Soft Machine, Band on the Wall, 28 March 2022

Soft Machine: John Etheridge, Nic France, Fred Baker, Theo Travis

Is a Monday gig in Manchester the jazz musicians’ equivalent of football’s ‘rainy Tuesday night in Stoke’, (a term coined to indicate a tough date out in the wilds)? That is what was faced the Soft Machine for their eighth date of a sporadic tour which has taken them up and down the country this spring. Since the last time they were here, stalwart Roy Babbington has hung up his bass, whilst John Marshall is appearing only on gigs close to home, the result of ongoing health problems. This means that joining the current lineup of John Etheridge and Theo Travis are two nevertheless familiar faces: Fred Baker (now a permanent member of the band and with a stellar CV, not least as Phil Miller’s right hand man in In Cahoots – and co-author of the wonderful ‘Double Up 2’ recent release); and drummer Nic France, who I think appeared with the band on a recent live streamed performance.

The Band on the Wall, Manchester’s iconic jazz venue, has been refurbished since I last visited before COVID, with a new expanded bar area next door and an enlarged stage in the main hall, which the band appreciatively commented on. The talismanic old BOTW logo has sadly gone, but sound was crisp as ever, and with a few tickets unsold, there was a feeling of space in front of stage (blame that Monday night syndrome). Not that the band were daunted: it was clear from the roar of applause following the established set-opener ‘Hidden Details’ that the atmosphere was a step up from the tour’s previous gigs. There were new pieces from the Softs’ repertoire incorporated for the first time in my memory at least (‘Backwards’/’Noisette’ from ‘Third; ‘Penny Hitch’ from ‘Seven’; as well as ‘The Nodder’ from ‘Alive and Well in Paris’, a slightly downbeat finale to the first set), regular favourites such ‘Chloe and the Pirates’ and ‘Tales of Taliesin’; and deserved showcases for some of the best tracks from the very strong current album ‘Hidden Details’ including ‘Fourteen Hour Dream’.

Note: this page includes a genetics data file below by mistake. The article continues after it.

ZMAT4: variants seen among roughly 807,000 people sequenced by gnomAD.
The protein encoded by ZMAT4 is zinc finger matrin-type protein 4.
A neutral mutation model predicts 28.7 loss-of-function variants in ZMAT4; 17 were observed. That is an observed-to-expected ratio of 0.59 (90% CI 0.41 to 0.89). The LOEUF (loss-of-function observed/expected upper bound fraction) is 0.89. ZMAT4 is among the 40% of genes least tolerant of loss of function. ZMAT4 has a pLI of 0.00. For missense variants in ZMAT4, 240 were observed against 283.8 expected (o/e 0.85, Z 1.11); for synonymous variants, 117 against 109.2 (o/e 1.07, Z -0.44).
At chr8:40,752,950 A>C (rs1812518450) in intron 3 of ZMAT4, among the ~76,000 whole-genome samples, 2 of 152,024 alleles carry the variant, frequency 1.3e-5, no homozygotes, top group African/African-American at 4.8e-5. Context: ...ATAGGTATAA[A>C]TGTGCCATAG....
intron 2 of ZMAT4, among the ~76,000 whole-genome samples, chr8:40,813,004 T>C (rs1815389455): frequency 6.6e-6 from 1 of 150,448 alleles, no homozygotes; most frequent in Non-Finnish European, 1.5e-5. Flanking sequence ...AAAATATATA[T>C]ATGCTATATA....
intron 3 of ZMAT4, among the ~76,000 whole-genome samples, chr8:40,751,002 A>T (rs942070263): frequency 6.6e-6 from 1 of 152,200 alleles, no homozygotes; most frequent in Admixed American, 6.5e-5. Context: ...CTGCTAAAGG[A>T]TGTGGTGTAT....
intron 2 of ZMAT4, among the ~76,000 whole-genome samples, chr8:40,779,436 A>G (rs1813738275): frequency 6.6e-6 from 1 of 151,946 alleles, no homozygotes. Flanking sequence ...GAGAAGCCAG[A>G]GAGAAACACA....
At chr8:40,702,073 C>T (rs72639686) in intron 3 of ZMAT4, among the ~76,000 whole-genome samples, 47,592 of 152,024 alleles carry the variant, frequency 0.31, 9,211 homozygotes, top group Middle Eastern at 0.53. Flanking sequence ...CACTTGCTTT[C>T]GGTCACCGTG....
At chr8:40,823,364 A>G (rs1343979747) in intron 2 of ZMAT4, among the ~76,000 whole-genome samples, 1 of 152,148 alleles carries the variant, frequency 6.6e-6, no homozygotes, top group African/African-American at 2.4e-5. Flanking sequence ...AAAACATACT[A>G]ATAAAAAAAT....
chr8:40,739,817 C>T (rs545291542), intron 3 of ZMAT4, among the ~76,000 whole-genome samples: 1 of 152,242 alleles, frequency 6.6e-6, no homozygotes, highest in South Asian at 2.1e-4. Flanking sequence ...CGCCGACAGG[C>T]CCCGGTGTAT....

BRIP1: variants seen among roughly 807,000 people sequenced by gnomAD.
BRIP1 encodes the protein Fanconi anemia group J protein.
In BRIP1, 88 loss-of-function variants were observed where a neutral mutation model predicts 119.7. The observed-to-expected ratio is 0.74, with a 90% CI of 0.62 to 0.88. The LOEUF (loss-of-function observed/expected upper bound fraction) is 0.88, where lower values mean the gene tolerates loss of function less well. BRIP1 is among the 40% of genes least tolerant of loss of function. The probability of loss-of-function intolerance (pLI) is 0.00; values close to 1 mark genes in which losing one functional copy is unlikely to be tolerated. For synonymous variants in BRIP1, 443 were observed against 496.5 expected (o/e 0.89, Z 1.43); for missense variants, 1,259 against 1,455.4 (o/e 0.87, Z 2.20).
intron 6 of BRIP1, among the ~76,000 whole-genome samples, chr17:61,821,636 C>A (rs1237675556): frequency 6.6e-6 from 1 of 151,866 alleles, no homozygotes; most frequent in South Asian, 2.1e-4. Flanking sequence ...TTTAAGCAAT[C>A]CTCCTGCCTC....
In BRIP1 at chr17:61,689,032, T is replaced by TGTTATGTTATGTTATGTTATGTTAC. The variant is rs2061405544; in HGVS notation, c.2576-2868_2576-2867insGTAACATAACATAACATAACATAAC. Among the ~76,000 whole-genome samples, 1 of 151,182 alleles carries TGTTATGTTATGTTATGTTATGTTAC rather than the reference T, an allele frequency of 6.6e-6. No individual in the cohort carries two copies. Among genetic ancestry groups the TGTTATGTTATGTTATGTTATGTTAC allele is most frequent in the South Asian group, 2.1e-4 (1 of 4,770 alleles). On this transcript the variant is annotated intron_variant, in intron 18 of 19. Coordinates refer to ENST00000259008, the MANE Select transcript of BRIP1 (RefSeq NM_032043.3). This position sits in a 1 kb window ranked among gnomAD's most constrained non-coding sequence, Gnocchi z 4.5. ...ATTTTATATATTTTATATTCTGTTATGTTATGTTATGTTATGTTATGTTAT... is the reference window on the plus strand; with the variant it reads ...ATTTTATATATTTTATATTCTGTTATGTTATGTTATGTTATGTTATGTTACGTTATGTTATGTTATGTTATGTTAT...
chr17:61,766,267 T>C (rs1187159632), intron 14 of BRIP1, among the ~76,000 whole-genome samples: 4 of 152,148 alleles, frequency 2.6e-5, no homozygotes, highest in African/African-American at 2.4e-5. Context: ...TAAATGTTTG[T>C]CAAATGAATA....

Fred Thelonious Baker

Something about the even more familiar highlights in a moment, but a word or two first about the surprises: two extremely strong new pieces: an acknowledged nod to Sixties influences on Theo Travis’s open-ended ‘Fell to Earth’, and the muscular, weaving changes of John Etheridge’s ‘Other Doors’ where Nic France really stated what he brings to the band with some tight, up-front rhythms. It would be lovely to hear more of both of these tracks to get to know them better, first impressions were extremely favourable and suggested that despite line-up changes and COVID, the momentum of recent years is gathering apace again. Add to this a completely unexpected rendition of ‘Joy of a Toy’ (the Soft Machine track rather than Kevin Ayers’ solo continuation) essentially a showcase for the thunderous bass of Fred Baker, who throughout the night brought a dexterous, fluid, grooving feel to proceedings, with a joie de vivre never far from the surface.

John Etheridge

Theo Travis alternated between strident tenor sax on the punchier pieces; beautiful floating flute on ‘Kings and Queens’, ‘Backwards’ and ‘Chloe’, often looped threefold; and keyboard accompaniment underneath many of John Etheridge’s guitar lines, although one of the advantages of having Fred Baker on board is a range of different harmonic alternatives to themes created by the two main soloists. John Etheridge has carved out a memorable mid-set trio of guitar pieces performed from his stool left of stage, a beautiful (and I think untitled) multi-layered guitar loop piece, followed by two lovely ballads from Hidden Details: ‘Heart off Guard’ and ‘Broken Hill’, but pride of place goes to the instantly recognizable riff of ‘Hazard Profile’, a platform for some quite mind-bending high end guitar heroics from Etheridge and outrageous fuzz-bass from Baker; and second encore ‘Gesolreut’ which gets ever more funky, squawky and tonight super extended to test the upper limits of the city centre curfew. As with Gong 9 days before in Hebden Bridge, the sense of an evolving two way connection between band and enthusiastic crowd was palpable: a rapturous reception early on in the performance is continually reciprocated as the band continue to push things just a little bit further. Here’s to many more Monday nights like this…

Many thanks to Joe Orban for the photographs used here

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